19. 19.
    Davies AM, Furnes GK (1980) Observed and computed M 2 tidal currents in the North Sea. J Phys Oceanog 10:237–257Google Scholar
  20. 20.
    Degrendele K, Roche M, Schotte P, Lancker VV, Bellec V, Bonne W (2010) Morphological evolution of the Kwinte Bank central depression before and after the cessation of aggregate extraction. J Coast Res SI(51):77–86. CrossRefGoogle Scholar
  21. 21.
    Deleu S, Lancker VV, den Eynde DV, Moerkerke G (2004) Morphodynamic evolution of the kink of an offshore tidal sandbank: the Westhinder Bank (southern North Sea). Cont Shelf Res 24:1587–1610. CrossRefGoogle Scholar
  22. 22.
    Dodd N, Blondeaux P, Calvete D, de Swart HE, Falqués A, Hulscher SJMH, Rozynski G, Vittori G (2003) Understanding coastal morphodynamics using stability methods. J Coast Res 19(4):849–865Google Scholar
  23. 23.
    Dyer KR, Huntley DA (1999) The origin, classification and modelling of sand banks and ridges. Cont Shelf Res 19:1285–1330Google Scholar
  24. 24.
    Fleming K, Johnston P, Zwartz D, Yokoyama Y, Lambeck K, Chappell J (1998) Refining the eustatic sea-level curve since the last glacial maximum using far- and intermediate-field sites. Earth Planet Sci Lett 163:327–342Google Scholar
  25. 25.
    Fredsøe J, Deigaard R (1992) Mechanics of coastal sediment transport. World Scientific, SingaporeGoogle Scholar
  26. 26.
    Gallagher EL (2011) Computer simulations of self-organized megaripples in the nearshore. J Geophys Res Earth Surf 116:F01004. CrossRefGoogle Scholar
  27. 27.
    Games KP, Gordon DI (2015) Study of sand wave migration over five years as observed in two windfarm development areas, and the implications for building on moving substrates in the North Sea. Earth Environ Sci Trans R Soc Edinb 105(4):241–249. CrossRefGoogle Scholar
  28. 28.
    Harris PT (1994) Comparison of tropical, carbonate and temperate, siliciclastic tidally dominated sedimentary deposits: examples from the Australian continental shelf. Aust J Earth Sci 41(3):241–254. CrossRefGoogle Scholar
  29. 29.
    Harris PT, Jones MR (1988) Bedform movement in a marine tidal delta; air photo interpretations. Geol Mag 125:31–49Google Scholar
  30. 30.
    Houbolt J (1968) Recent sediments in the southern bight of the North Sea. Geol Mijnb 47(4):245–273Google Scholar
  31. 31.
    Houthuys R, Trentesaux A, De Wolf P (1994) Storm influences on a tidal sandbank’s surface (Middelkerke Bank, southern North Sea). Mar Geol 121(1–2):23–41. CrossRefGoogle Scholar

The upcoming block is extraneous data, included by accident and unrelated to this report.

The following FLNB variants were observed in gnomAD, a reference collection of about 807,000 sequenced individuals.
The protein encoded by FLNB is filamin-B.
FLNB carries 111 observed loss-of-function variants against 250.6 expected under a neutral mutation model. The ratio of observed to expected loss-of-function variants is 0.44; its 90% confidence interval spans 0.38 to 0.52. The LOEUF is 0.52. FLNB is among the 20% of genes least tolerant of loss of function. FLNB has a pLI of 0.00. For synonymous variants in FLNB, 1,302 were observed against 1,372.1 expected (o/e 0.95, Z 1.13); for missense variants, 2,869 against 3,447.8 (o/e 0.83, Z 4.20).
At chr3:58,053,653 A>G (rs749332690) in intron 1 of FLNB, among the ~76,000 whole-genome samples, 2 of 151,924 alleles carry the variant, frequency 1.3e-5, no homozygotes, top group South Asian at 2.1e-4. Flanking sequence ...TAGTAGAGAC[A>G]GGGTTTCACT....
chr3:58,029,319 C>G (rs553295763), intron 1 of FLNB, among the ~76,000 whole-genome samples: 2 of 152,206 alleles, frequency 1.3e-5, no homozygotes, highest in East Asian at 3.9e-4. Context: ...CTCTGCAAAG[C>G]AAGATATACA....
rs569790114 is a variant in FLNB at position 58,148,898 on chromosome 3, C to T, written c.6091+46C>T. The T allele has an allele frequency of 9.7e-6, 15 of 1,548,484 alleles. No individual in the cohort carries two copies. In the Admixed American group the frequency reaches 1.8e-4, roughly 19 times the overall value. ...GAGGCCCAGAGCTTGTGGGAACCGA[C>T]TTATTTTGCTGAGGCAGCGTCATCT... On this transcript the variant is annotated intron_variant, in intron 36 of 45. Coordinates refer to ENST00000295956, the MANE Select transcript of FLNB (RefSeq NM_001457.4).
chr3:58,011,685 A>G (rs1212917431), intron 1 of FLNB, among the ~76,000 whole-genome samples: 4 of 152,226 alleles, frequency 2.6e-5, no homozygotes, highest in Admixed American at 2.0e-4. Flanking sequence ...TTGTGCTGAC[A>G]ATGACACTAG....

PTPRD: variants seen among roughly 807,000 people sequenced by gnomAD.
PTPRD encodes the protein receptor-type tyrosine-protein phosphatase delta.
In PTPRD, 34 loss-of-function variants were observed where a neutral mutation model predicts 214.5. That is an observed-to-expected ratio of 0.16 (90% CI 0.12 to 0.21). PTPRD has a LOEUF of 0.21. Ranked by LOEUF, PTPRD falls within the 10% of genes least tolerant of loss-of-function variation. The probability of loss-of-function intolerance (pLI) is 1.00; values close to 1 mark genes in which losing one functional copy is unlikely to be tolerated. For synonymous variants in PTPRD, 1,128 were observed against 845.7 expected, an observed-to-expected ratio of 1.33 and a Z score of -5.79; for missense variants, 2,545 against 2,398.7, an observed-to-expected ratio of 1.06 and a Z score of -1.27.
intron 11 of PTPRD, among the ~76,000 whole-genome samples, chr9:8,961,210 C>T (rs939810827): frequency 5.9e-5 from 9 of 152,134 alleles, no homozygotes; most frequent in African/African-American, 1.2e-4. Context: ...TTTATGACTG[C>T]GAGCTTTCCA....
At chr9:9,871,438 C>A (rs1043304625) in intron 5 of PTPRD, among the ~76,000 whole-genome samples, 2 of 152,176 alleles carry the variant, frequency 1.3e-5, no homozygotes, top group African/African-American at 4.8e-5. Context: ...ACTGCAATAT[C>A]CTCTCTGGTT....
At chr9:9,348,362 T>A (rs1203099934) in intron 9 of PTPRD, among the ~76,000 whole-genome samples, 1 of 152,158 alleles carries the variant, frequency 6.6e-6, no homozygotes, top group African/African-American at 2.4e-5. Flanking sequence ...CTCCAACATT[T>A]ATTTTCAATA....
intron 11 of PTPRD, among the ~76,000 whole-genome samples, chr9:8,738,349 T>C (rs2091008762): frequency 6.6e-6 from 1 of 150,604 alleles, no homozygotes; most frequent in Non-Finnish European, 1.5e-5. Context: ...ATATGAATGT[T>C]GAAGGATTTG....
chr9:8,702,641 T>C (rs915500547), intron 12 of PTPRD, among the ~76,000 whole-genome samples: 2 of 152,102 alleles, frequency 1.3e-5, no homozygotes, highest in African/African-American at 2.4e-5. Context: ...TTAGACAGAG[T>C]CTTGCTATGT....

32. 32.
    Hulscher SJMH (1996) Tidal-induced large-scale regular bed form patterns in a three-dimensional shallow water model. J Geophys Res 101(C9):20727–20744Google Scholar
  33. 33.
    Hulscher SJMH, de Swart HE, de Vriend HJ (1993) The generation of offshore tidal sand banks and sand waves. Cont Shelf Res 13(11):1183–1204Google Scholar
  34. 34.
    Huthnance JM (1973) Tidal current asymmetries over the Norfolk Sandbanks. Estuar Coast Mar Sci 1:89–99Google Scholar
  35. 35.
    Huthnance JM (1982a) On one mechanism forming linear sand banks. Estuar Coast Shelf Sci 14:79–99Google Scholar
  36. 36.
    Huthnance JM (1982b) On the formation of sand banks of finite extent. Estuar Coast Shelf Sci 15:277–299Google Scholar
  37. 37.
    Idier D, Astruc D (2003) Analytical and numerical modeling of sandbanks dynamics. J Geophys Res 108(C3):3060. CrossRefGoogle Scholar
  38. 38.
    Idier D, Hommes S, Brière C, Roos PC, Walstra DJR, Knaapen MAF, Hulscher SJMH (2010) Morphodynamic models used to study the impact of offshore aggregate extraction: a review. J Coast Res SI(51):39–52. CrossRefGoogle Scholar
  39. 39.
    Kenyon NH, Belderson RH, Stride AH, Johnson MA (1981) Offshore tidal sand-banks as indicators of net sand transport and as potential deposits. Spec Publ Int Assoc Sedimentol 5:257–268Google Scholar
  40. 40.
    Knaapen MAF (2009) Sandbank occurrence on the Dutch continental shelf in the North Sea. Geo-Mar Lett 29:17–24. CrossRefGoogle Scholar
  41. 41.
    Knaapen MAF, Hulscher SJMH, de Vriend HJ (2001) A new type of sea bed waves. Geophys Res Lett 28(7):1323–1326Google Scholar
  42. 42.
    Komar PD (1998) Beach Processes and Sedimentation, 2nd edn. Prentice-Hall, Englewood CliffsGoogle Scholar
  43. 43.
    Komarova NL, Newell AC (2000) Nonlinear dynamics of sand banks and sand waves. J Fluid Mech 415:285–321Google Scholar
  44. 44.
    Kubicki A, Manso F, Diesing M (2007) Morphological evolution of gravel and sand extraction pits, Tromper Wiek, Baltic Sea. Estuar Coast Shelf Sci 71:647–656. CrossRefGoogle Scholar
  45. 45.